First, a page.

Population structure and conservation biology of the endangered fern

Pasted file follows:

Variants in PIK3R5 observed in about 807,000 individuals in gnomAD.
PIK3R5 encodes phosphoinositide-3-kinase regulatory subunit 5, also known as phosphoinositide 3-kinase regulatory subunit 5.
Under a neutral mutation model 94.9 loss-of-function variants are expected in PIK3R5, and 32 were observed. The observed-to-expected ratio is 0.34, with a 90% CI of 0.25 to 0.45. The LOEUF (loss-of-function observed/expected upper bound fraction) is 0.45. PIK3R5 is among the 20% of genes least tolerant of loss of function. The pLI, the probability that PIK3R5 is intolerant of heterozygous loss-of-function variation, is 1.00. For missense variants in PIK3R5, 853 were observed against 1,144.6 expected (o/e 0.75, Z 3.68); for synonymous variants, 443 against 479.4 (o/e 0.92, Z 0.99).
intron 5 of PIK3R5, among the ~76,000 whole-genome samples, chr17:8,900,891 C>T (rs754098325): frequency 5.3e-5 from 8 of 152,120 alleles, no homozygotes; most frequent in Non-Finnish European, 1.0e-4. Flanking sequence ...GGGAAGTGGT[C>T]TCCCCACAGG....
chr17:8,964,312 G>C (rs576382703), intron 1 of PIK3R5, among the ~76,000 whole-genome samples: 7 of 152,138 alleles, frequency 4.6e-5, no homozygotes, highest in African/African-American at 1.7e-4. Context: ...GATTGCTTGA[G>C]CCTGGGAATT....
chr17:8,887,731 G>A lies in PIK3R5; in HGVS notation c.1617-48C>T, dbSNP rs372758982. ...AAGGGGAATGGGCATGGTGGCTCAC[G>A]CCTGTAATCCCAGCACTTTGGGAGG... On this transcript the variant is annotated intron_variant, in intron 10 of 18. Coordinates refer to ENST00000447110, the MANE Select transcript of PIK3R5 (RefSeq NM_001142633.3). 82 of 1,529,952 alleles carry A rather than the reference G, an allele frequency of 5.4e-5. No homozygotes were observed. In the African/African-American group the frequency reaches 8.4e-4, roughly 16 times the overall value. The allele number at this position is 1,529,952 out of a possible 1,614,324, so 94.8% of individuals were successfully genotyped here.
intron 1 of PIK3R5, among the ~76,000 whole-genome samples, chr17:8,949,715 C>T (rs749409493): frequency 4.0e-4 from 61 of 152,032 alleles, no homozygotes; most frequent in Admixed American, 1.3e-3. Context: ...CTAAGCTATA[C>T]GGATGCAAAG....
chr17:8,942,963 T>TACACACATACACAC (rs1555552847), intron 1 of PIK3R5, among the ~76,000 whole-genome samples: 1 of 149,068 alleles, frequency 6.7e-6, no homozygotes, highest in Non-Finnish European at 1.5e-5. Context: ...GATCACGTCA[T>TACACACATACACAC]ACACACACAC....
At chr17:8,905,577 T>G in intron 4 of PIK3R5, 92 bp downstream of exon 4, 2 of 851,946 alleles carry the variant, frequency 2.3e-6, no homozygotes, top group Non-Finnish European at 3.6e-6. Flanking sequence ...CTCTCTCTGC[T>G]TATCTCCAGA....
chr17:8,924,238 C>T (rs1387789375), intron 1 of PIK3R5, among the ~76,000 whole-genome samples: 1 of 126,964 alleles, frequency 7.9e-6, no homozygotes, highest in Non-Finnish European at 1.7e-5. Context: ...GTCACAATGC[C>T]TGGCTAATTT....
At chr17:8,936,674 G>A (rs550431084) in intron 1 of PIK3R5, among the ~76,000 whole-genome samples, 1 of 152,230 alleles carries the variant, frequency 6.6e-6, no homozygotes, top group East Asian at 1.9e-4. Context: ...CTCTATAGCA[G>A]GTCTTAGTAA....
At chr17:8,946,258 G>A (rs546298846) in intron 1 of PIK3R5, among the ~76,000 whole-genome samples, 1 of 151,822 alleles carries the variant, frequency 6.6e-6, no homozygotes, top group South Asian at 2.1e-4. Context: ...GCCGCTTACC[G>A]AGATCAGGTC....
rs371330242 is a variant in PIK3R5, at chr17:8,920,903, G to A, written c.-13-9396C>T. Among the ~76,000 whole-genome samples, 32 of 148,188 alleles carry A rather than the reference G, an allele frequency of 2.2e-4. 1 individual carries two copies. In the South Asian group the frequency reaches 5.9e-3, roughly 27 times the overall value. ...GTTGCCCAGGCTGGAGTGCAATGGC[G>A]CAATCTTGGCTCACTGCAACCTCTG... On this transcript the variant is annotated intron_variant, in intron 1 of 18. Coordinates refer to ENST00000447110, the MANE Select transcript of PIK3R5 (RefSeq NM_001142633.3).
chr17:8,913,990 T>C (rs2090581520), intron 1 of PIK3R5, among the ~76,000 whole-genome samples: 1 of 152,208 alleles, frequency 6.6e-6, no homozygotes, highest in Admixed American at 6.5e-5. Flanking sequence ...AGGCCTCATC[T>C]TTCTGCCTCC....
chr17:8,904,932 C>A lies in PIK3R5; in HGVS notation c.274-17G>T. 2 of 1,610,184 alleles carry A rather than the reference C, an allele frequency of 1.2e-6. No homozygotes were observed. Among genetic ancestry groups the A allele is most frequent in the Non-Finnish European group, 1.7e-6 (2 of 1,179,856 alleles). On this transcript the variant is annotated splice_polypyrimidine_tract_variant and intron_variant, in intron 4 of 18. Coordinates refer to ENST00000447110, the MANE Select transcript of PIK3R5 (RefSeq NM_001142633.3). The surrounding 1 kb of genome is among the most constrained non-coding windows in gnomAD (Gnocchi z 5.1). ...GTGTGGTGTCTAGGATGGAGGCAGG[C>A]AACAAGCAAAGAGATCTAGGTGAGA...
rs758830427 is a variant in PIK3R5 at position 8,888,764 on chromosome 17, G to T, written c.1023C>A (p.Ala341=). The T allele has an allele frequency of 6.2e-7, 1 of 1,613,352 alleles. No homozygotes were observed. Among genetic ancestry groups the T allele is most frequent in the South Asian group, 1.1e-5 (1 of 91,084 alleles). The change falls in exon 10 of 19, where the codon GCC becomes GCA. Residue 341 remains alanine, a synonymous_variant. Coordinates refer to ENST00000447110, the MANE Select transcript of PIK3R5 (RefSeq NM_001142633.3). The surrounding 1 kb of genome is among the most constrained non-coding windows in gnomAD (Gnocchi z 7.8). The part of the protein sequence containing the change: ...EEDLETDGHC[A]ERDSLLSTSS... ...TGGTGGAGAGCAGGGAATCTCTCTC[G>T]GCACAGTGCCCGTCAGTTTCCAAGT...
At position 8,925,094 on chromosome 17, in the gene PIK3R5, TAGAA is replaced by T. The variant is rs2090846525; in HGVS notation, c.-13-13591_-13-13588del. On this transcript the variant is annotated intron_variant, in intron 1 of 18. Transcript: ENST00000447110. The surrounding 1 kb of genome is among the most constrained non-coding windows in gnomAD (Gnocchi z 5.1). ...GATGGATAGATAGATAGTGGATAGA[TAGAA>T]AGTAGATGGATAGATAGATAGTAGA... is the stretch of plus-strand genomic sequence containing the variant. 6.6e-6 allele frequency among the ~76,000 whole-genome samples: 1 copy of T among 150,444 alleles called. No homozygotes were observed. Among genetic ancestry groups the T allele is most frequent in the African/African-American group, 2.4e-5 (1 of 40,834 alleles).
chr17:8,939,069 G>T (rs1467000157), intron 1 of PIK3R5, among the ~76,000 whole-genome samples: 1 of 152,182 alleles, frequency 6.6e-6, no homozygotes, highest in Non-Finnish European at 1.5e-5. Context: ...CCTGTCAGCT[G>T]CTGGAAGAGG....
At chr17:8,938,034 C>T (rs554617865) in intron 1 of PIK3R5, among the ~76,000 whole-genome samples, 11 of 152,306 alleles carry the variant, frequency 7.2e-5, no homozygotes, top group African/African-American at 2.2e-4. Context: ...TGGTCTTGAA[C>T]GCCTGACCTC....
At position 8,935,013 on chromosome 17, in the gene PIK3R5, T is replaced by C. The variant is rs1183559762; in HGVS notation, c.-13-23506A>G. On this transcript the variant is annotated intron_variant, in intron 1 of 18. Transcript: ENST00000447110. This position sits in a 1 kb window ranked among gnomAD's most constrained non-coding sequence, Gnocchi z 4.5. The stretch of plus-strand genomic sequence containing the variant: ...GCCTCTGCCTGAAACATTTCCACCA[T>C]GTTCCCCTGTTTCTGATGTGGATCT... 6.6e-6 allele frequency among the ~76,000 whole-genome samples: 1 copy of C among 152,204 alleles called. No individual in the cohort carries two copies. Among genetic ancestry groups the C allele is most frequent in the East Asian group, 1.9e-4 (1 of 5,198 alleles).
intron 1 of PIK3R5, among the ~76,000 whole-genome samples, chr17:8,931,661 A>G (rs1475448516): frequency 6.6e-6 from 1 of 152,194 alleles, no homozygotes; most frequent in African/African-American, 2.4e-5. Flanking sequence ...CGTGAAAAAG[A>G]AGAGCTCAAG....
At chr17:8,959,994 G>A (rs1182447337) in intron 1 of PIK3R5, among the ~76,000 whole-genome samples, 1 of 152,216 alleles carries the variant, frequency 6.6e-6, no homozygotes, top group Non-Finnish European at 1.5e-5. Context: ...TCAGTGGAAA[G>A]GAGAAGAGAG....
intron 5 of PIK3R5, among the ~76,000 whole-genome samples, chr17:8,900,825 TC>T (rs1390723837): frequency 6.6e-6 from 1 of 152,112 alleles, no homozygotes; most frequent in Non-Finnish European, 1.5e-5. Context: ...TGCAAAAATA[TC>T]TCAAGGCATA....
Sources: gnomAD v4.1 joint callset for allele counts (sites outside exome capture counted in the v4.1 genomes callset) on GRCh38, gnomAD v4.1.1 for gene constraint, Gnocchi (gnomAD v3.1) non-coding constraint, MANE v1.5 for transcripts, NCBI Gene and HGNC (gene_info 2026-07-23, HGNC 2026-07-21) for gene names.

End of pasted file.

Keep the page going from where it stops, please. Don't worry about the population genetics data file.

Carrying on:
Genetic diversity in the Killarney fern, Trichomanes speciosum Willd. has been investigated in south‐western Scotland, the northern‐most limit of the distribution of the sporophyte. T. speciosum is unique amongst European pteridophytes in that both phases of the life cycle are perennial and capable of vegetative propagation. Within sites no variation was revealed by allozyme electrophoresis, even where both generations were growing together. In contrast, diversity was observed among sites, with seven different multilocus phenotypes (MLPs) present in the area. Two of these MLPs covered large areas while the others were restricted to one, or few localities. Asexual reproduction of the gametophyte via gemmae is assumed to be the main means of dispersal in recent times, allowing single clones to become widespread, while the overall genetic variability may be attributed to sexual reproduction and spore dispersal in historic times under more favourable climatic conditions. We suggest that it is not inbreeding, nor lack of genetic variation that limits sporophyte production, but rather the prevailing climatic conditions. The sporophyte is extremely rare and vulnerable. However, when the gametophyte is considered, the species is neither threatened with extinction, nor does it appear to face the danger of marked genetic erosion, because the long‐lived gametophyte stage contains all of the genetic variability present in the area and can be regarded as a valuable ‘seed‐bank’.
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